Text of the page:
In an era when people and money are flowing fast across international boundaries, physically and virtually, culture crashes have become increasingly frequent, says international business consultant Michael Landers. A culture crash is what happens when someone unwittingly offends, frustrates or mystifies a person from a different culture. This can lead to lost business, hurt feelings, damaged relationships, even international incidents, as when Bill Gates shook his South Korean host's hand with one hand when he was supposed to use two (very disrespectful).
So are culture crashes inevitable? No! All cultures fall into certain broad categories, and if you can figure out what kind of culture you're dealing with you can avoid committing a major faux pas. Landers first helps you become aware of your own culturally conditioned behaviors, perceptions and values, which seem so "normal" you don't even notice them (kind of like thinking you're not the one with an accent). Then he shows you how to figure out where a culture lies along continuums like individualistic vs. collectivist, direct vs. indirect, punctual vs. relaxed, and formal vs. informal. Filled with dozens of instructive and entertaining stories, this book will point you in the right direction as you navigate through the new global era.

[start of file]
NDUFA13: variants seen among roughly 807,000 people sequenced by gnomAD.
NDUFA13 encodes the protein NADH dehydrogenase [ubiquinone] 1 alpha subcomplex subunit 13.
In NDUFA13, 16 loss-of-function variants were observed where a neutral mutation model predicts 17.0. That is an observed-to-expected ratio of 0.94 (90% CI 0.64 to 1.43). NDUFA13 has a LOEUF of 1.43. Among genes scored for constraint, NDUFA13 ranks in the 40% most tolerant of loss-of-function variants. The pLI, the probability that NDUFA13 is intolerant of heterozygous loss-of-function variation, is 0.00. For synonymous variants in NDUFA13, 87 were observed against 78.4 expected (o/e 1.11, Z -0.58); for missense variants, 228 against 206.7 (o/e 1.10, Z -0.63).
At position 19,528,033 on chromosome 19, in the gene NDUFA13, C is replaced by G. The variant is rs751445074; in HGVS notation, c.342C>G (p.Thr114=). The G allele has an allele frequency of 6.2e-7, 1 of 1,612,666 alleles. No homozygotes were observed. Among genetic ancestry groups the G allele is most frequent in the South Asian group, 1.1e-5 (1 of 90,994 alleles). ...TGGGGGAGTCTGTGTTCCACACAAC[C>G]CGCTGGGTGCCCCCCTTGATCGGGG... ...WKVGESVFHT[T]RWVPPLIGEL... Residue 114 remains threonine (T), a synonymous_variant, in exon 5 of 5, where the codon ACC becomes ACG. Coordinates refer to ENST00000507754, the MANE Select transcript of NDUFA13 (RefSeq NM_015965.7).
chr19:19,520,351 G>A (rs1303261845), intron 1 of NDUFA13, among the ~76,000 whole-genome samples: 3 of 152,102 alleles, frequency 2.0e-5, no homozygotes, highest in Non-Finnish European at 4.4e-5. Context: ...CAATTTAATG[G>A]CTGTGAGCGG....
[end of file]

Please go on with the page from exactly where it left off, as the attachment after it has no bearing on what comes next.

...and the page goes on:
What made the experience of listening to Culture Crossing the most enjoyable?
The content mixed with the great narration made for a fascinating, resourceful listen.
Any additional comments?
This review copy audiobook was provided by the author, narrator, or publisher at no cost."
I took back one star because it took the entire first hour before the book got down to business. It doesn't need that long to convince anyone who's already bought the book that the contents are important.
Once the examples and anecdotes started, it settled down into a good listen. This isn't a How To guide for each country, though there are excellent examples and insights. It's more of an overview of things like Me vs We cultures so the reader has an awareness of cultural boobytraps, generalities, and the need for research before you step into a deep hole from sheer ignorance.
I wish the briefings we used to get before changing duty stations had been this interesting. Anyone handling international business, foreign exchange students, refugees, or heading out on their first TDY or PCS OCONUS should grab a copy. Well worth the time.
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